I’m at the Willow Creek Leadership Summit this week (Forest City Community Church here in London is one of the satellite locations), and I thought it’d be fun to share some nuggets from the summit with y’all. I don’t know if I’ll be writing about every session, but I will start with the first, featuring Bill Hybels.
Hybels is actually quite an engaging speaker. Very passionate and obviously loves the church. Say what you will about the whole seeker sensitive, smoke machine, laser light show scene he’s associated with, but he really cares about the health of the church and people meeting Jesus.
His talk centered around leading in the new reality—how do we navigate the waters of ministry after being slammed by the “rogue wave” of the recession. Great encouragement from Hybels: The recession gives the church the opportunity to truly be the church to each other and the community, what he calls “the Acts 2 dream.”
“There is nothing like the church when the church is working right. Nothing like it in the world!” exclaims Hybels (to which I say a hearty “Amen!”).
What I think Hybels brought to the table was something extremely important for leaders to be considering in engaging the new reality: Is my organization up to the task? And am I?
Hybels provides four questions that every leader should be asking of their organization:
- How many key seats are their in our organization—how many are crucial? 3? 5? 12?
- How many of those key seats are filled by the right people? People who are fully fired up about the mission and appropriately gifted?
- What are we doing to ensure that those seats are filled with the right people?
- How are we developing people to replace or succeed the people currently in those seats?
I can’t overstate the importance of these questions from Bill Hybels. If our churches, businesses and non-profits aren’t asking these questions, we need to start now. And more than that, we need to actually act on them, because there are few things more dangerous to the health of an organization than having the wrong person in an important role.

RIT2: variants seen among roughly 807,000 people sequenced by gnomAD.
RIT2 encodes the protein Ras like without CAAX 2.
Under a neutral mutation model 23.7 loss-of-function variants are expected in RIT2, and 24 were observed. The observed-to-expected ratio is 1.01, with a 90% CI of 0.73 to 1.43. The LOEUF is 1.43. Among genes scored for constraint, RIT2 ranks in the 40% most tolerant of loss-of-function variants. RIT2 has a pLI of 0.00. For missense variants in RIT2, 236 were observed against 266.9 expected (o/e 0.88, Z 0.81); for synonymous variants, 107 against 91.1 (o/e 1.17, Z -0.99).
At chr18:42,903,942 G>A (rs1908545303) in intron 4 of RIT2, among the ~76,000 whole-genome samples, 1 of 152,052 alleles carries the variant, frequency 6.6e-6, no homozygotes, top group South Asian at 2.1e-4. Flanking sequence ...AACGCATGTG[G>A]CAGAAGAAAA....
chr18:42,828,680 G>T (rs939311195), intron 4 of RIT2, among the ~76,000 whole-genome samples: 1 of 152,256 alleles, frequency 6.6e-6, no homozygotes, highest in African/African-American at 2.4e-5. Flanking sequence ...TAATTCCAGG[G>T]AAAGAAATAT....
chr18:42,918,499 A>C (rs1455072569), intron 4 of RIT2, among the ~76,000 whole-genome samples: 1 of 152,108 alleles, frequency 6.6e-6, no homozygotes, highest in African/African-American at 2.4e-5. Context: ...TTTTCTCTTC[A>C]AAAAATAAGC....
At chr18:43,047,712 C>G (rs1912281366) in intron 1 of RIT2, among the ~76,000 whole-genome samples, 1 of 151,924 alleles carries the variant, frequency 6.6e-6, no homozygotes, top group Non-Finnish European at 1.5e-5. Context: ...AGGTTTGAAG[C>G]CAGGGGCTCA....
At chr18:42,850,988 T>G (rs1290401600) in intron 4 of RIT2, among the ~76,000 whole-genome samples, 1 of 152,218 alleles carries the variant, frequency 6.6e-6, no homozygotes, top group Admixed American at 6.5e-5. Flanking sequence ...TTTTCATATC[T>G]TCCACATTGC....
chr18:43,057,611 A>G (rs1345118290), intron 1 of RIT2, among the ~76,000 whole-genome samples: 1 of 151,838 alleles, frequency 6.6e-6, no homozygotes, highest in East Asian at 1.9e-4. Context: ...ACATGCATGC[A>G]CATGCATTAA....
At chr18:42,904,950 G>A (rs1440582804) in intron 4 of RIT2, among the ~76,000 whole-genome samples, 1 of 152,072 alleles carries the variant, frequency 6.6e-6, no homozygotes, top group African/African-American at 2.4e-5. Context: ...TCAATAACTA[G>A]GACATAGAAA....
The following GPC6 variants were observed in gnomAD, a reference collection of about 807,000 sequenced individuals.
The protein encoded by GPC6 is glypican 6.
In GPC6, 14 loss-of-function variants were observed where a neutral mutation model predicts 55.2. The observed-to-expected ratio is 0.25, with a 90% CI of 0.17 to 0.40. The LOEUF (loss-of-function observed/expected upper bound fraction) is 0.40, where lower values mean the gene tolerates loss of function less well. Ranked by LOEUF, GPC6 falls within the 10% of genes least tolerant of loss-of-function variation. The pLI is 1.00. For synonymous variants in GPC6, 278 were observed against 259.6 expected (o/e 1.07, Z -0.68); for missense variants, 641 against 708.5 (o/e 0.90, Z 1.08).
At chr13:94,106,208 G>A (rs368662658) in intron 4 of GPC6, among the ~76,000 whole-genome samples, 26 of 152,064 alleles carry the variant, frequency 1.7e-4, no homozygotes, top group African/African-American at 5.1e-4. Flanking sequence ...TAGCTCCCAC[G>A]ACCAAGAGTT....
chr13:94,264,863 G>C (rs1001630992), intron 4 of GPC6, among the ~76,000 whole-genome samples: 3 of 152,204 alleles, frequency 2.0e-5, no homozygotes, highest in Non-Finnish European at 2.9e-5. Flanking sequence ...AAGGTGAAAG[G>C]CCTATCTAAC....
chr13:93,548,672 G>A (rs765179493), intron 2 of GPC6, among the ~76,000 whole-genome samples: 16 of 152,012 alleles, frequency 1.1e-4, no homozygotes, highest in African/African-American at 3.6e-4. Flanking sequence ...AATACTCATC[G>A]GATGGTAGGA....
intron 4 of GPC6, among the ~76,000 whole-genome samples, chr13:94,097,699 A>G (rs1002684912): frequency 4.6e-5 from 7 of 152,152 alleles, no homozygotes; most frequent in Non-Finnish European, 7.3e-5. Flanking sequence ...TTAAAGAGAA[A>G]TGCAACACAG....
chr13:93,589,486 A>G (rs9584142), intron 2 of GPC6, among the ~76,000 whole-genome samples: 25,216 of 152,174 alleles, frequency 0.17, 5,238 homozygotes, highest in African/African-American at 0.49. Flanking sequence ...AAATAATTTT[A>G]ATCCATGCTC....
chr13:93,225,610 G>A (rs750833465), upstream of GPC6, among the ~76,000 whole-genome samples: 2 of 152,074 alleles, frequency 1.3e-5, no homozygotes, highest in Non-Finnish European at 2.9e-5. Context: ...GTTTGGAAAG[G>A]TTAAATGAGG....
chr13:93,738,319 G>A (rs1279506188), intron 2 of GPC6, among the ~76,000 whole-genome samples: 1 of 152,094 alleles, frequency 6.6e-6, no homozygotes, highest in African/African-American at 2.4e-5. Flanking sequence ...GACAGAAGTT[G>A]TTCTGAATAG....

The next question he asked is equally important for leaders: What are leaders doing to replenish themselves?
In a moment of disclosure, Hybels confessed that 20 years ago, he realized that “the pace at which I’m doing the work of God is destroying the work God is doing in me.” He had let himself become consumed by the work of the ministry at the cost of his joy. By God’s grace, he has repented of that, although he admitted that recently he had noticed he’d been slipping into that same kind of work pace that had been so detrimental previously and has taken steps to curtail it.
In speaking of replenishment, Hybels asked the following questions:
- What is my replenishment strategy?
- Who do you need to be around more? Who energizes and invigorates you?
- Who do you need to be around less? Who steals your energy and joy?
- How do you start your day? Is the Word primary or do the distractions of life get in the way?
Personally, I found these questions incredibly helpful, because I really struggle with making sure I’m taking adequate time to rest and replenish spiritually and emotionally. But if I don’t, everything I do suffers.
Overall I found Bill Hybels’ talk both engaging and challenging, and, on occasion, even a little convicting. While I don’t necessarily agree with him on a few issues (like style), I greatly appreciate seeing and hearing his passion for the church and for people.
Because truly, I think we all need a little more of that.